Laurel Christensen Day, the Vice President in charge of product development, told me, “2013 saw our biggest investment in personnel and resources towards marketing efforts in the national market. Like all publishers (and most organizations), we are able to rely less and less on traditional marketing and continue to work on ways to connect with consumers and create relevant networks and communities. . . . Sales are up overall. In terms of our strategy for fiction, we will always be interested in well-written fiction that satisfies the needs of our readers while supporting the mission and brand of the respective imprints.”
Usually when I hear from authors publishing in the Mormon market, I hear complaints about the marketing and communication of independent publishers, but mostly contentment with the more established Deseret Book. This year, however, I heard loud complaints from Deseret Book authors for the first time. Several of them were unhappy with the marketing efforts to the national market. One author said, “They don’t stick with a plan. They want instant success, not realizing that new platforms need to be built, and that takes time and investment. Their only ‘marketing’ is planting reviews in the Deseret News and putting out their catalog, where new books compete with scented candles and bread mixes.” Another said, “The novels aren’t carried in national-chain bookstores outside of Utah and not even consistently within Utah. There have been no national reviews to speak of, no presence of any kind on a national level, which is really a shame.”
In response to these quotes, Day said, “I obviously don’t agree with the claims but welcome direct contact from any author who isn’t pleased with their experience here. I sincerely would hope they would reach out to us. It’s the only way I can address specific concerns.”
Another author commented, “I am aware of several internal changes taking place within DB/SM, longer lead times and better marketing campaigns are planned out for future projects. I’m excited to see these changes come to fruition and hope they will resolve some of the complaints. I think it’s important for national authors publishing with Shadow Mountain to realize that in the national industry, Shadow Mountain is a small press. I wonder if they ever notice marketing from any other small press national publisher? I don’t. My point being that they are still trying to get their footing, if an author publishes with them they need to understand the breadth. I feel like because we are used to Deseret Book being the BIG DOG in the LDS market we don’t realize that Shadow Mountain is a small fish in the national market.”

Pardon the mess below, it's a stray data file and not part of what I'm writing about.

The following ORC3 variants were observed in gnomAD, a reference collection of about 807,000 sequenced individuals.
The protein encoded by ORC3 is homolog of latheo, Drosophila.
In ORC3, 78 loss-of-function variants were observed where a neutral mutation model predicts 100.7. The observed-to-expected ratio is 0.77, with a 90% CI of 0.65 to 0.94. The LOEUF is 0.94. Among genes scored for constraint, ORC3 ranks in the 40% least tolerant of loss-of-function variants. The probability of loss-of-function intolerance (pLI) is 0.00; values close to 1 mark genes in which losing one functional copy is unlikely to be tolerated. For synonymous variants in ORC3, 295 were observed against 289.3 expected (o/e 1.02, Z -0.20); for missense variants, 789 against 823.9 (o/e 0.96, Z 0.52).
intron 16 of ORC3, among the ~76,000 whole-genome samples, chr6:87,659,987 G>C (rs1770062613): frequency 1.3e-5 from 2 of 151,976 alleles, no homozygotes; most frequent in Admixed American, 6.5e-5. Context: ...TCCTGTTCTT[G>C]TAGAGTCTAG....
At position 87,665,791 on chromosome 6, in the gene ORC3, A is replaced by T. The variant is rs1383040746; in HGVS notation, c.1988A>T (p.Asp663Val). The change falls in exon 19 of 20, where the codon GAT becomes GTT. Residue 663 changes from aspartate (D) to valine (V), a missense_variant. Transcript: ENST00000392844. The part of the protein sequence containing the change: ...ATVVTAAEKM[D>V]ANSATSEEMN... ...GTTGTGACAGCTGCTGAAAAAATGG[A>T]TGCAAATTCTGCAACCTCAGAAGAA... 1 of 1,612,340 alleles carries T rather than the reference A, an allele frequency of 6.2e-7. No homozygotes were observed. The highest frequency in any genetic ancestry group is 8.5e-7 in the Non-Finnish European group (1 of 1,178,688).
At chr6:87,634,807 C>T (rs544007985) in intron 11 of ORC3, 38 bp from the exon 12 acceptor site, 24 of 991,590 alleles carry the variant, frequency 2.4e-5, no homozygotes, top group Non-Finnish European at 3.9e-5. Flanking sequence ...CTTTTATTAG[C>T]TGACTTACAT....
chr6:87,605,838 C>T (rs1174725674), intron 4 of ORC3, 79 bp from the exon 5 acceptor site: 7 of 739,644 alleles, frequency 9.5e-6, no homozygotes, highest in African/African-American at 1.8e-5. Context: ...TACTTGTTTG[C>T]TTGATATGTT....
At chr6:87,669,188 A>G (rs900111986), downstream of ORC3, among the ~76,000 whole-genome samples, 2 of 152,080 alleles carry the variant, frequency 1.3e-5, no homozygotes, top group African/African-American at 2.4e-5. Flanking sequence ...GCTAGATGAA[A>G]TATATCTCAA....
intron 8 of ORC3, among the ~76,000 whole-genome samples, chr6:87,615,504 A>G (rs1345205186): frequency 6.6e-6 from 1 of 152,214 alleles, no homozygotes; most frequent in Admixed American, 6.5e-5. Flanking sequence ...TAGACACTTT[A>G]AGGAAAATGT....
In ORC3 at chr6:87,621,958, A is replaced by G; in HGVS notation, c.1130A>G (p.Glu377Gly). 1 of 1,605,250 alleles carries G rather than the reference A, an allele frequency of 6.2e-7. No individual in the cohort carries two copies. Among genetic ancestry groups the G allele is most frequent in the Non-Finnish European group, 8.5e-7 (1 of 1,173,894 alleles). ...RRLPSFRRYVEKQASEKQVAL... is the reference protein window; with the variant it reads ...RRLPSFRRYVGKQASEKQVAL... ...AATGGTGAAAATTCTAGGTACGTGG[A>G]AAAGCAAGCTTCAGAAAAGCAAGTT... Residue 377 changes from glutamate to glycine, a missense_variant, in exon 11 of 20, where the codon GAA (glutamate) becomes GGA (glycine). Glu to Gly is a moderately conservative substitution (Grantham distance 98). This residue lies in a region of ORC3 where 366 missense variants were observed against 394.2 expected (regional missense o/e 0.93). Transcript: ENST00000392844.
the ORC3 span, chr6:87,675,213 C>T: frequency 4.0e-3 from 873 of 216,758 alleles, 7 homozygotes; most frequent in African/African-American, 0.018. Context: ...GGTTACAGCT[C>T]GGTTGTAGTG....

Covenant Communications is also part of the Church-owned Deseret Book Company, but is run as a separate unit, in conjunction with Deseret Book Publishing. Covenant published 37 literary works in 2014, about on par with what it has done the last several years. Covenant is largely sticking with what has worked so far: Regency romance, historical romance, suspense, mystery, and general women’s novels—overwhelmingly written by and catering to women. They also published a few YA and speculative novels in recent years, although authors report that Covenant is less interested in publishing in those genres.
Managing Editor Kathy Gordon reports, “We have worked very hard this year to get most of our back titles converted to ebooks, and we are making sure that all our new offerings are available in the most popular electronic/digital formats. We are also looking at taking some of our titles to the national market during the next year, so we are considering including that in our publishing model. There have been no changes in staff or ownership other than recently welcoming two new graphic artists to our design team. We are looking at publishing about the same number of books next year as we did this year; depending on how the market goes, we may publish slightly more. We have also branched out into an aggressive and lucrative line of modest clothing and home décor items, and have dabbled in some themed food offerings as well. Essentially, we are trying to leverage all opportunities that make sense as we try to determine what the LDS market wants and needs.”